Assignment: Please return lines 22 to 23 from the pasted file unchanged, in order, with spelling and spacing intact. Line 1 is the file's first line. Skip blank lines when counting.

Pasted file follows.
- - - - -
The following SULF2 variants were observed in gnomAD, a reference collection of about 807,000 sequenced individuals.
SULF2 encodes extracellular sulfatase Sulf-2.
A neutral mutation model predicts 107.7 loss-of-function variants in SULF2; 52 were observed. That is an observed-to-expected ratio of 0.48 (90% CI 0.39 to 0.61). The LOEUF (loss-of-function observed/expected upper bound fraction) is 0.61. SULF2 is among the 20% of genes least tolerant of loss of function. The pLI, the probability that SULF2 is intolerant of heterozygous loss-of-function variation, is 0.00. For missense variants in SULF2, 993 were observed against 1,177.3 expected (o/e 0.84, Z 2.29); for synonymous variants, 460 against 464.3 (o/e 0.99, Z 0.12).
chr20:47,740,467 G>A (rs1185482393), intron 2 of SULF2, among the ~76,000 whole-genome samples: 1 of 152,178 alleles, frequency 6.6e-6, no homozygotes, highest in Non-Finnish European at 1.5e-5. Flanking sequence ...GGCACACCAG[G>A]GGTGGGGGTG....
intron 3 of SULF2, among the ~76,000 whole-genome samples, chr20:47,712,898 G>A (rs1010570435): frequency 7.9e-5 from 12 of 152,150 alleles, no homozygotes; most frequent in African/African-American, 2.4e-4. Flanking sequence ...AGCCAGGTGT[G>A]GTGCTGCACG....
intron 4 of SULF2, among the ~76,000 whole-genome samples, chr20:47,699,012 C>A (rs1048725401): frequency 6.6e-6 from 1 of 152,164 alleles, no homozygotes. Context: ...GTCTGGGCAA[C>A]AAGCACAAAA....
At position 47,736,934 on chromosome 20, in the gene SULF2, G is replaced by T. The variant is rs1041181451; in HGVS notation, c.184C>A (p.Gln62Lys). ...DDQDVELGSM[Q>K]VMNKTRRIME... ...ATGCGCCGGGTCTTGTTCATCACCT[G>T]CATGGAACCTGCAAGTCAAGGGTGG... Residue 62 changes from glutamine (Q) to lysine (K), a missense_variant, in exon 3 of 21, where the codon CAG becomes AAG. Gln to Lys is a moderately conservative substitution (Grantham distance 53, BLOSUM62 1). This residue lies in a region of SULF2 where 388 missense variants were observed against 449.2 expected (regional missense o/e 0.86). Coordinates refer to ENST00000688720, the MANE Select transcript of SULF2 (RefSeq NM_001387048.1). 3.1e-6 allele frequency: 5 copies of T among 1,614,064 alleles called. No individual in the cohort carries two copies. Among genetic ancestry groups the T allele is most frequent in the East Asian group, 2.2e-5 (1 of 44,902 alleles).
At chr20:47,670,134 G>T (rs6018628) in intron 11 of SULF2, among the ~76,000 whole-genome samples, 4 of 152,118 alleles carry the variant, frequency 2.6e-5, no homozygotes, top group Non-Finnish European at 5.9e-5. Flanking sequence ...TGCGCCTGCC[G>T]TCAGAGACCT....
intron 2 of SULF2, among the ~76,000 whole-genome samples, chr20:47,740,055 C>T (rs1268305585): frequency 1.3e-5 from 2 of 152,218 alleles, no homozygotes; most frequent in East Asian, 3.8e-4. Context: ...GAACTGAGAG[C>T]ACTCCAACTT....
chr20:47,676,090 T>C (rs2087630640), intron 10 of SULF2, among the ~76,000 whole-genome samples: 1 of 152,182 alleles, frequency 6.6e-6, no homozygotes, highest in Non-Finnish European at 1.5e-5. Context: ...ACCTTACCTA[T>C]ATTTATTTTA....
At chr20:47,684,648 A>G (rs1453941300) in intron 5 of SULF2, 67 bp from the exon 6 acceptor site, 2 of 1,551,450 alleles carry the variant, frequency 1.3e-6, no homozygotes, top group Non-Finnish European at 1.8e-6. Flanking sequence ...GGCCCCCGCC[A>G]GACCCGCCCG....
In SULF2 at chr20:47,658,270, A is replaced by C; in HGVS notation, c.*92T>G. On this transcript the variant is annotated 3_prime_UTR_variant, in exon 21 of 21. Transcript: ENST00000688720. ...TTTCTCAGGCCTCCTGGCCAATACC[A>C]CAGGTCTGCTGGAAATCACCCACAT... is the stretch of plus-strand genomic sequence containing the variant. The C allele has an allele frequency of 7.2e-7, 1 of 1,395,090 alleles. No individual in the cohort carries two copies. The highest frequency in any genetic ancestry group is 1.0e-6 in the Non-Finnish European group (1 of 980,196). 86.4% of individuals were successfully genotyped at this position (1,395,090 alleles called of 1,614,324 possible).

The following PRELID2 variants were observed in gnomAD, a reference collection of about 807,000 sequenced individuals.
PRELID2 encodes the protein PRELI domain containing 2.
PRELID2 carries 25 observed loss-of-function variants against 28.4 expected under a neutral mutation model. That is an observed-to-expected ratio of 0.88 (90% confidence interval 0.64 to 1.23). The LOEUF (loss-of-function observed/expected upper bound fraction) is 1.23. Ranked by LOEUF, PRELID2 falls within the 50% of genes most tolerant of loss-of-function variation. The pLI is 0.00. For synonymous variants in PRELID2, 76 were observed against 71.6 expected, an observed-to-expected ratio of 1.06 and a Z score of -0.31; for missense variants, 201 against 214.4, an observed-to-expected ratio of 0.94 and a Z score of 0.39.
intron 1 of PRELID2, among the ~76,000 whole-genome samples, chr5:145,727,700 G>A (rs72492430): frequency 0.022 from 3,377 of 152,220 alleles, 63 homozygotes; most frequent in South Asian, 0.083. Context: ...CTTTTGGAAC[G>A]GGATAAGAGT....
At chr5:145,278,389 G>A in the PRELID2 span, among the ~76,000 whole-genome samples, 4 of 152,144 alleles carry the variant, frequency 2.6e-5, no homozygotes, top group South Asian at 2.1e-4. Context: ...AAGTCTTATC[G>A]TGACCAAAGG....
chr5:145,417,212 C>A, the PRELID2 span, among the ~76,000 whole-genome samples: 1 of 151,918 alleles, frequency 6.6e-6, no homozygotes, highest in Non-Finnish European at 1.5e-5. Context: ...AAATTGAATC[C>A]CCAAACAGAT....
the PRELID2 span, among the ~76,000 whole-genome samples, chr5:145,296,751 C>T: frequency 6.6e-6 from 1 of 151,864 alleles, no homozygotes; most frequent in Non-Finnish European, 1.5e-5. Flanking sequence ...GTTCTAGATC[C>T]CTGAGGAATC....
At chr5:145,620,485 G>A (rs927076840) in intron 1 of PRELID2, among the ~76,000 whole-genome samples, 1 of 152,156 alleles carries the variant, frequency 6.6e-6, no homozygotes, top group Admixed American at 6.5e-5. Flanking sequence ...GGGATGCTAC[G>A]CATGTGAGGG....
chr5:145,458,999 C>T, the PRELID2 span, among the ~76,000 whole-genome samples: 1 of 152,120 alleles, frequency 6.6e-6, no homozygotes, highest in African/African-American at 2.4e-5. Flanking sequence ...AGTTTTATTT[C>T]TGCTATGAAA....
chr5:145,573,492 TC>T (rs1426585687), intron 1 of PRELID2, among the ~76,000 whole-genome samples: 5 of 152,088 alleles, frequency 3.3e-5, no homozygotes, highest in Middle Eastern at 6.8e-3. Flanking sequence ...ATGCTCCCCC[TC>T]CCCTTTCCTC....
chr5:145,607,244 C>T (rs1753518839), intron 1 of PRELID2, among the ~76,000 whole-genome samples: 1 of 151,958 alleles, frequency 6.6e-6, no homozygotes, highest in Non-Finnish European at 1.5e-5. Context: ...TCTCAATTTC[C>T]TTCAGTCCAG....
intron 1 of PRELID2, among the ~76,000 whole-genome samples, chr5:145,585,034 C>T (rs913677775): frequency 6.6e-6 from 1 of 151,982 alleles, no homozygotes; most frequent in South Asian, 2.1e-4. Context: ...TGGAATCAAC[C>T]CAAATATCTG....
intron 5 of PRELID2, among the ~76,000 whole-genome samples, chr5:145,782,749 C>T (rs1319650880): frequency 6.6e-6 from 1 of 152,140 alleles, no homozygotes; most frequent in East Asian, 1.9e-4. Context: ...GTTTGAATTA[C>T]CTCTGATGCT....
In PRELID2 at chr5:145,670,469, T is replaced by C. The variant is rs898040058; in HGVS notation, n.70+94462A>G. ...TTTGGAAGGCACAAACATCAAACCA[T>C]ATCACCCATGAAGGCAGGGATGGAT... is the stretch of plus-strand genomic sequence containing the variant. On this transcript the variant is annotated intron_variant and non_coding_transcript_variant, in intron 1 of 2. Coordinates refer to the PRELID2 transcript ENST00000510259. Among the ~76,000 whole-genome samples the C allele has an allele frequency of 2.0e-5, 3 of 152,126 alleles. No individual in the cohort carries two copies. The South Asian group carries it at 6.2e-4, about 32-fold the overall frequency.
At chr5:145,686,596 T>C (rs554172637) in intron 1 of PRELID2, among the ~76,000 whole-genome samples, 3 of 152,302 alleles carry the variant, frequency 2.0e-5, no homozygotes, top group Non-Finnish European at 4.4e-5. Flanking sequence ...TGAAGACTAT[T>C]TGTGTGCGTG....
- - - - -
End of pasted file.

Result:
chr5:145,573,492 TC>T (rs1426585687), intron 1 of PRELID2, among the ~76,000 whole-genome samples: 5 of 152,088 alleles, frequency 3.3e-5, no homozygotes, highest in Middle Eastern at 6.8e-3. Flanking sequence ...ATGCTCCCCC[TC>T]CCCTTTCCTC....
chr5:145,607,244 C>T (rs1753518839), intron 1 of PRELID2, among the ~76,000 whole-genome samples: 1 of 151,958 alleles, frequency 6.6e-6, no homozygotes, highest in Non-Finnish European at 1.5e-5. Context: ...TCTCAATTTC[C>T]TTCAGTCCAG....